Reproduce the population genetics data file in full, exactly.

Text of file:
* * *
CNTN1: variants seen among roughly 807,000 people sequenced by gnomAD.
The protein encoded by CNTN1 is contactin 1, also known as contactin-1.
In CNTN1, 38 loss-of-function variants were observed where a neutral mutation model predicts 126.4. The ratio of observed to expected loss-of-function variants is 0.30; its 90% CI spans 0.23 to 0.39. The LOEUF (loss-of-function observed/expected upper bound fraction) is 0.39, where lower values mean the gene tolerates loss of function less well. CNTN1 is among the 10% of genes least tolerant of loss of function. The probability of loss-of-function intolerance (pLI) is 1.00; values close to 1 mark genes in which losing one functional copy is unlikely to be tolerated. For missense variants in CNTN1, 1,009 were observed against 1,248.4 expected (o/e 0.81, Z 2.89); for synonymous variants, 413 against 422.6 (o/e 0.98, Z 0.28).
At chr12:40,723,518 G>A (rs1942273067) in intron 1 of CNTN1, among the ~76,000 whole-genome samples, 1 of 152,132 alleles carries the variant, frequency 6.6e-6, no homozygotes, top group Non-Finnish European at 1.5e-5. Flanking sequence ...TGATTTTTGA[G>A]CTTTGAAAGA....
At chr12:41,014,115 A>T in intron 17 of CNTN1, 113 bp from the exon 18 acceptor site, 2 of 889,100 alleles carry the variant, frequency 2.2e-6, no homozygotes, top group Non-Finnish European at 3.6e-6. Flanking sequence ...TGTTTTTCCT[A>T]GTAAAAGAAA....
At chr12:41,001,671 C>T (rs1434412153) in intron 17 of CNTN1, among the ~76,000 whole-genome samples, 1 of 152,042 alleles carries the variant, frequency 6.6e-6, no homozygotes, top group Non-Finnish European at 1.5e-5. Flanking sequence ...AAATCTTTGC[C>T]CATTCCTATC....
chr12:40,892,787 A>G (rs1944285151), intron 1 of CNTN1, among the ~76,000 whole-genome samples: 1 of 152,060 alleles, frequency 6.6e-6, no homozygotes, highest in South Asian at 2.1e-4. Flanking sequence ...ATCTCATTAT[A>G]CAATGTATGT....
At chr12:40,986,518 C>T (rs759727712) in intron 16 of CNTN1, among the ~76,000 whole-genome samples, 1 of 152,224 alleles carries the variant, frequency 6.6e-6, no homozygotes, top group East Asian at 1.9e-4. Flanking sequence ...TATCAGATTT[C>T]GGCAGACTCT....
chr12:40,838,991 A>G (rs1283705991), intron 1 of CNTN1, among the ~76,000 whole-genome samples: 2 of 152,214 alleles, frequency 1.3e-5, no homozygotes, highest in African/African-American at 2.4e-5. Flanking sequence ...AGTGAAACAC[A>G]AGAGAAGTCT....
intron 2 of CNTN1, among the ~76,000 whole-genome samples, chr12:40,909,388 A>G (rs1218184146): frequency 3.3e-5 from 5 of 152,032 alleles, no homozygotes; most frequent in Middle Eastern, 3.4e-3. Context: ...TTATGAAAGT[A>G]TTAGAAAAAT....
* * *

CNTN1: variants seen among roughly 807,000 people sequenced by gnomAD.
The protein encoded by CNTN1 is contactin 1, also known as contactin-1.
In CNTN1, 38 loss-of-function variants were observed where a neutral mutation model predicts 126.4. The ratio of observed to expected loss-of-function variants is 0.30; its 90% CI spans 0.23 to 0.39. The LOEUF (loss-of-function observed/expected upper bound fraction) is 0.39, where lower values mean the gene tolerates loss of function less well. CNTN1 is among the 10% of genes least tolerant of loss of function. The probability of loss-of-function intolerance (pLI) is 1.00; values close to 1 mark genes in which losing one functional copy is unlikely to be tolerated. For missense variants in CNTN1, 1,009 were observed against 1,248.4 expected (o/e 0.81, Z 2.89); for synonymous variants, 413 against 422.6 (o/e 0.98, Z 0.28).
At chr12:40,723,518 G>A (rs1942273067) in intron 1 of CNTN1, among the ~76,000 whole-genome samples, 1 of 152,132 alleles carries the variant, frequency 6.6e-6, no homozygotes, top group Non-Finnish European at 1.5e-5. Flanking sequence ...TGATTTTTGA[G>A]CTTTGAAAGA....
At chr12:41,014,115 A>T in intron 17 of CNTN1, 113 bp from the exon 18 acceptor site, 2 of 889,100 alleles carry the variant, frequency 2.2e-6, no homozygotes, top group Non-Finnish European at 3.6e-6. Flanking sequence ...TGTTTTTCCT[A>T]GTAAAAGAAA....
At chr12:41,001,671 C>T (rs1434412153) in intron 17 of CNTN1, among the ~76,000 whole-genome samples, 1 of 152,042 alleles carries the variant, frequency 6.6e-6, no homozygotes, top group Non-Finnish European at 1.5e-5. Flanking sequence ...AAATCTTTGC[C>T]CATTCCTATC....
chr12:40,892,787 A>G (rs1944285151), intron 1 of CNTN1, among the ~76,000 whole-genome samples: 1 of 152,060 alleles, frequency 6.6e-6, no homozygotes, highest in South Asian at 2.1e-4. Flanking sequence ...ATCTCATTAT[A>G]CAATGTATGT....
At chr12:40,986,518 C>T (rs759727712) in intron 16 of CNTN1, among the ~76,000 whole-genome samples, 1 of 152,224 alleles carries the variant, frequency 6.6e-6, no homozygotes, top group East Asian at 1.9e-4. Flanking sequence ...TATCAGATTT[C>T]GGCAGACTCT....
chr12:40,838,991 A>G (rs1283705991), intron 1 of CNTN1, among the ~76,000 whole-genome samples: 2 of 152,214 alleles, frequency 1.3e-5, no homozygotes, highest in African/African-American at 2.4e-5. Flanking sequence ...AGTGAAACAC[A>G]AGAGAAGTCT....
intron 2 of CNTN1, among the ~76,000 whole-genome samples, chr12:40,909,388 A>G (rs1218184146): frequency 3.3e-5 from 5 of 152,032 alleles, no homozygotes; most frequent in Middle Eastern, 3.4e-3. Context: ...TTATGAAAGT[A>G]TTAGAAAAAT....